Strange, maybe since seeing he had two registers to update he entered the details in the wrong register at first, then discovered his mistake or it was noticed by someone else he had to then fill in the proper register hence the later entry than previously recorded marriages. No record of the civil marriage details is a mystery though.
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Re: A Genealogical Mystery

Postby Sinead » Fri Dec 16, 2016 11:31 pm

Is there something about the RC registers being 'The Civil Record' that is why you have to sign a register?

I can't find where my Great Grandfather was born or married, two of his children were born in England and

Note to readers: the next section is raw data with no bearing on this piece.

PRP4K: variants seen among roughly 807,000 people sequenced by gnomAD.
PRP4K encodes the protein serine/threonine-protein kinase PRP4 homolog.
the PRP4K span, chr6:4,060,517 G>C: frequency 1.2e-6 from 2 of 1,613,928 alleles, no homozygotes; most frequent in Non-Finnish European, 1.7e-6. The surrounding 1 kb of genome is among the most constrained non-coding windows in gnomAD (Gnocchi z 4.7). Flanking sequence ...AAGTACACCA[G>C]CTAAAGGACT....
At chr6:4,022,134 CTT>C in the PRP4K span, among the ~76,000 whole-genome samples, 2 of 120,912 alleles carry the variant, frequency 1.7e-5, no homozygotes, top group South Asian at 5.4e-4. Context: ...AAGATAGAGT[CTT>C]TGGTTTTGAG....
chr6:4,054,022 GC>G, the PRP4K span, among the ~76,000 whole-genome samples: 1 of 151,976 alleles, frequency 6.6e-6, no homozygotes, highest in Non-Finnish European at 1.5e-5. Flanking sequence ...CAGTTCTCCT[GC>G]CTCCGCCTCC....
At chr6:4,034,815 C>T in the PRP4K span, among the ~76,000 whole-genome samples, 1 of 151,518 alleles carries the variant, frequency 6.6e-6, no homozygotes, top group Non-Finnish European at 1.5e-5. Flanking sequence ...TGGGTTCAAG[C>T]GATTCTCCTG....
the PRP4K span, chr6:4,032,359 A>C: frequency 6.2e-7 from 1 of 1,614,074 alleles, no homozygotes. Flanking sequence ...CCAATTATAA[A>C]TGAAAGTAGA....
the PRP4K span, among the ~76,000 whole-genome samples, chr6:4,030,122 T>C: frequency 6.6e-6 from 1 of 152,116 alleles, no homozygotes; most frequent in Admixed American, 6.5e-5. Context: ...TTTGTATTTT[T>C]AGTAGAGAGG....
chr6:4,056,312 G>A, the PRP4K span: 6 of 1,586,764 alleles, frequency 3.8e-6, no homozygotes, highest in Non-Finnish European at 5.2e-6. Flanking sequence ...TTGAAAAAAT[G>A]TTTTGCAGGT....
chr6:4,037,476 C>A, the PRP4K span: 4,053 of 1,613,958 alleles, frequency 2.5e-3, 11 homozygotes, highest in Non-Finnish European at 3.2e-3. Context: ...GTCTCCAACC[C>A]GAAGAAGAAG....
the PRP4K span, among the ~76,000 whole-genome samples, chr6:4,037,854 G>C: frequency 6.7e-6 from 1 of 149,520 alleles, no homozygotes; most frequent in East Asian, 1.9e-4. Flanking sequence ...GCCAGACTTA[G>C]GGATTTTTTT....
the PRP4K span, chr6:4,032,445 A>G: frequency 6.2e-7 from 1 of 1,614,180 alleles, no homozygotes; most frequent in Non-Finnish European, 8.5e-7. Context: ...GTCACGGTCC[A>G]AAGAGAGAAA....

the third in Wicklow. is birth should be between 1840 and 1850. I know where he is buried but haven't tracked
down a death certificate yet. Genealogical Mysteries all over this country.

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Re: A Genealogical Mystery

Postby Rocker » Sat Dec 17, 2016 1:44 am

My Great grandfather was RIC and married in 1875 too in Monkstown.He was 33 years old which was quite old to marry in those days but, I remember reading something about police not being allowed marry for seven years after joining or needing permission from their superiors and I think many of them got married on the sly and then registered the event later.
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Re: A Genealogical Mystery

Postby Micheál » Sat Dec 17, 2016 9:43 am

Aha! That's a very interesting angle Rocker. And I can see how the clergy might be complicit in such an arrangement too.
There's still some loose ends though -